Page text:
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Analysis: Apple should learn from Motorola's fate

Posted: 16 Jul 2009 ?? ?Print Version ?Bookmark and Share

Keywords:Apple Motorola? mobile market? iPhone?

Apple Inc.'s strong growth and torrid market share gains with the iPhone is justifiably celebrated by industry executives but there is a cautionary tale somewhere in Motorola Inc.'s experience for the PC and consumer electronic equipment company.

The danger Apple faces is that consumers who have so excitedly welcomed the iPhone could just as quickly turn on the product and abandon it for often whimsical reasons especially if the company fails to maintain the innovative process that has helped it capture a huge chunk of the smart phone and digital music player markets.

Just ask Motorola, whose Startac and Razor phones blew away the competition and helped it come ever so close to displacing Nokia as the world's largest supplier of mobile handsets.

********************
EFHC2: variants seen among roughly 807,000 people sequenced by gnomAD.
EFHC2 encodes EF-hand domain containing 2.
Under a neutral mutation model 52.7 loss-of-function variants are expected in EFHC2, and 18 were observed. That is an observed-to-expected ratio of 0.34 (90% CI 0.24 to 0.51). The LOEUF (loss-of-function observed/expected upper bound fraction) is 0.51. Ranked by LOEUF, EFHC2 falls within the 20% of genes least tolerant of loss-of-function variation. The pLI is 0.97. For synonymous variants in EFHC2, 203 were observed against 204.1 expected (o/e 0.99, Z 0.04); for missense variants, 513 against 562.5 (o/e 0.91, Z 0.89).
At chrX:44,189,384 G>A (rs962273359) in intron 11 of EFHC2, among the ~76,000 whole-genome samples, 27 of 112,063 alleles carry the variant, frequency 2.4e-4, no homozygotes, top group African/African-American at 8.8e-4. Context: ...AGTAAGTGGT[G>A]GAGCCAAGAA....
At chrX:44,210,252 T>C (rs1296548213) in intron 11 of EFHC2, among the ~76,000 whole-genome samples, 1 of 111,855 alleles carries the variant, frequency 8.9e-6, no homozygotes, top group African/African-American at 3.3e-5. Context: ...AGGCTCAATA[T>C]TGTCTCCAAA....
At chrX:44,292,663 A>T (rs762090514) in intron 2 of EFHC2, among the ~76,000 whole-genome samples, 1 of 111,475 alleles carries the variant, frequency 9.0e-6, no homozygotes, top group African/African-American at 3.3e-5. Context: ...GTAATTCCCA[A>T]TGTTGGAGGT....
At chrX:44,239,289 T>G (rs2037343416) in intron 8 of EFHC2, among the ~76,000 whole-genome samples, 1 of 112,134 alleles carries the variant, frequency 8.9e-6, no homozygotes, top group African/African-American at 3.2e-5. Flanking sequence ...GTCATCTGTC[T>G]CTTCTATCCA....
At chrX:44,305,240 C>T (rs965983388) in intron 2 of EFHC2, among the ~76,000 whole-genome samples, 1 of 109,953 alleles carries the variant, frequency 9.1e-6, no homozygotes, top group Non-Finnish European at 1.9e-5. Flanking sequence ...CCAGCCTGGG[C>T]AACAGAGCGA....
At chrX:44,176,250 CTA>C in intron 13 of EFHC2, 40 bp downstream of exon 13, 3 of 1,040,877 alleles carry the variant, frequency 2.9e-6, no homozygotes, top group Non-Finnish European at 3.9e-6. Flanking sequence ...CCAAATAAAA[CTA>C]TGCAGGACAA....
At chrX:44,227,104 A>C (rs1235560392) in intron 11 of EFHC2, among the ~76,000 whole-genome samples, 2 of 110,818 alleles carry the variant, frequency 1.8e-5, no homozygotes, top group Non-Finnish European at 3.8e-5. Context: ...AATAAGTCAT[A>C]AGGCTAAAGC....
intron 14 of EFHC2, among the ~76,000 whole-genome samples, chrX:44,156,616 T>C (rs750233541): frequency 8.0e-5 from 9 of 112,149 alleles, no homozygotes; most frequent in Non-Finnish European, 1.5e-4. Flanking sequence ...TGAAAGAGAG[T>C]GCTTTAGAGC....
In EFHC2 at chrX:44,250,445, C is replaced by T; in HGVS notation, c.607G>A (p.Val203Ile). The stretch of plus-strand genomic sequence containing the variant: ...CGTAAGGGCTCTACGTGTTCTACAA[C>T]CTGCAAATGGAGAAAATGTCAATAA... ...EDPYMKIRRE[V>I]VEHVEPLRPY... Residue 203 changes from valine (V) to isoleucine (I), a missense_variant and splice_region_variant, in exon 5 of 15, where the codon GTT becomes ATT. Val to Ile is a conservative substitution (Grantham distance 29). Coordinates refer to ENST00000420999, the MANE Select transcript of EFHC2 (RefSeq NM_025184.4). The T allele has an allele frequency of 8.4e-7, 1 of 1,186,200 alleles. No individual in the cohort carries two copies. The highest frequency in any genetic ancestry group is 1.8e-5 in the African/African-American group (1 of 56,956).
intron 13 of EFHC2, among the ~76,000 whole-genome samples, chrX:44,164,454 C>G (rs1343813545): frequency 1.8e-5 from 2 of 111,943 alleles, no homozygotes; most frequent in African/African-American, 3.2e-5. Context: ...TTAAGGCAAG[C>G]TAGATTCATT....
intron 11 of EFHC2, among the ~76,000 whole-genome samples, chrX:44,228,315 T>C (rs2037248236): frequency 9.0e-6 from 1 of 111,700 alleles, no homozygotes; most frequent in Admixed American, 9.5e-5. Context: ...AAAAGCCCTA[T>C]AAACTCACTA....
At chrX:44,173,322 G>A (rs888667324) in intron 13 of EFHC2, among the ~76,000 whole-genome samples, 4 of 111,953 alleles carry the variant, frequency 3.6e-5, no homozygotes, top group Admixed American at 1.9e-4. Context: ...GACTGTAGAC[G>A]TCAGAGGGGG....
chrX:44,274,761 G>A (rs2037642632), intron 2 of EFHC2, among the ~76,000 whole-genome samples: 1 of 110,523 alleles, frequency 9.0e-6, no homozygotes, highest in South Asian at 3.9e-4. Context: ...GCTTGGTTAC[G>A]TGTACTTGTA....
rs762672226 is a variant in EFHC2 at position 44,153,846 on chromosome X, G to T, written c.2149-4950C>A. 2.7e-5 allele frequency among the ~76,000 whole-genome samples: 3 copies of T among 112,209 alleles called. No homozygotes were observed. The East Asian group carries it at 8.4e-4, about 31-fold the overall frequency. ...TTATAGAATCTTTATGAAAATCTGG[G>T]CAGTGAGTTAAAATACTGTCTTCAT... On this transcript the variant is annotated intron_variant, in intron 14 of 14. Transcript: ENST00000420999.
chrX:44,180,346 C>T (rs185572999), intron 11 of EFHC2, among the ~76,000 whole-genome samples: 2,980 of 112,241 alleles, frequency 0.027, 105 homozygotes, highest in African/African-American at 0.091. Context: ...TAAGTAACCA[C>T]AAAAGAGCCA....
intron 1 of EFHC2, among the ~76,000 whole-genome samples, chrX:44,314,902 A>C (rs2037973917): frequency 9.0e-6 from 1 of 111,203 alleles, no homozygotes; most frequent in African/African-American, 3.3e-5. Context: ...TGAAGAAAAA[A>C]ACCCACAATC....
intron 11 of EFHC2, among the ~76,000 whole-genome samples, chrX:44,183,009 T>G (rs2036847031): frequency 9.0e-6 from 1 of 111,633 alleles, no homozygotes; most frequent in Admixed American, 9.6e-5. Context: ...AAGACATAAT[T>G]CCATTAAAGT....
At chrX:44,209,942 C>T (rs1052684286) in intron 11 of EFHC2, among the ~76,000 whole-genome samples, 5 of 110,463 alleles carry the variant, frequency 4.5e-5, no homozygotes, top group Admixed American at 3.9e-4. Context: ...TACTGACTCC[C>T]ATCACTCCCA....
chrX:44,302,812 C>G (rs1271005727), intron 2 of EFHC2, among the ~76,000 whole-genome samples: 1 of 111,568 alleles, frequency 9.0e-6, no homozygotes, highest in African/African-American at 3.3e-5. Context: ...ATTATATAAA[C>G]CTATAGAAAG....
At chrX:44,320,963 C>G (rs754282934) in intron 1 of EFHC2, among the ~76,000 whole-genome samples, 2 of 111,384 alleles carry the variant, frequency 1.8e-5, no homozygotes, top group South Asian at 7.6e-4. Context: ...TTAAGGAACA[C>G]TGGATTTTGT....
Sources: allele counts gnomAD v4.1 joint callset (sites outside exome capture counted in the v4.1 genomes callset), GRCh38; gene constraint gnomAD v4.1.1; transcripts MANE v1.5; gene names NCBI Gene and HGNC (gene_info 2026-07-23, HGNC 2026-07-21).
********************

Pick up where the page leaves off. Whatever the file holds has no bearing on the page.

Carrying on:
Today, Motorola is a shadow of its once glowing self, its sinking market share and pallid market capitalization$13.9 billion vs. Apple's $127 billionmirroring the image of a company many investors now view as a relic of the past.

By contrast, Apple's hefty market value is reflective of the market's view of the companyan innovative enterprise considered far ahead of even sector leader Nokia Corp. in designing and introducing products that easily capture consumer attention.

Although it is still the world's biggest vendor of wireless handsets, Nokia seems to be drifting off investors' radars as shown in its market value of $54 billion, less than half of Apple's market capitalization.

Unlike Motorola, the ex-arch rival it pounded painfully into near oblivion, Nokia continues to maintain its strategy of rolling out good, solid and dependable products that help maintain its market share but lack the "wow" appeal of the Razor and the iPhone.

Even now, few mobile handset customers anywhere in the world can mention a single current or historical Nokia product that upon introduction oozed the compelling "must-have" appeal of the iPhone and the Razor.

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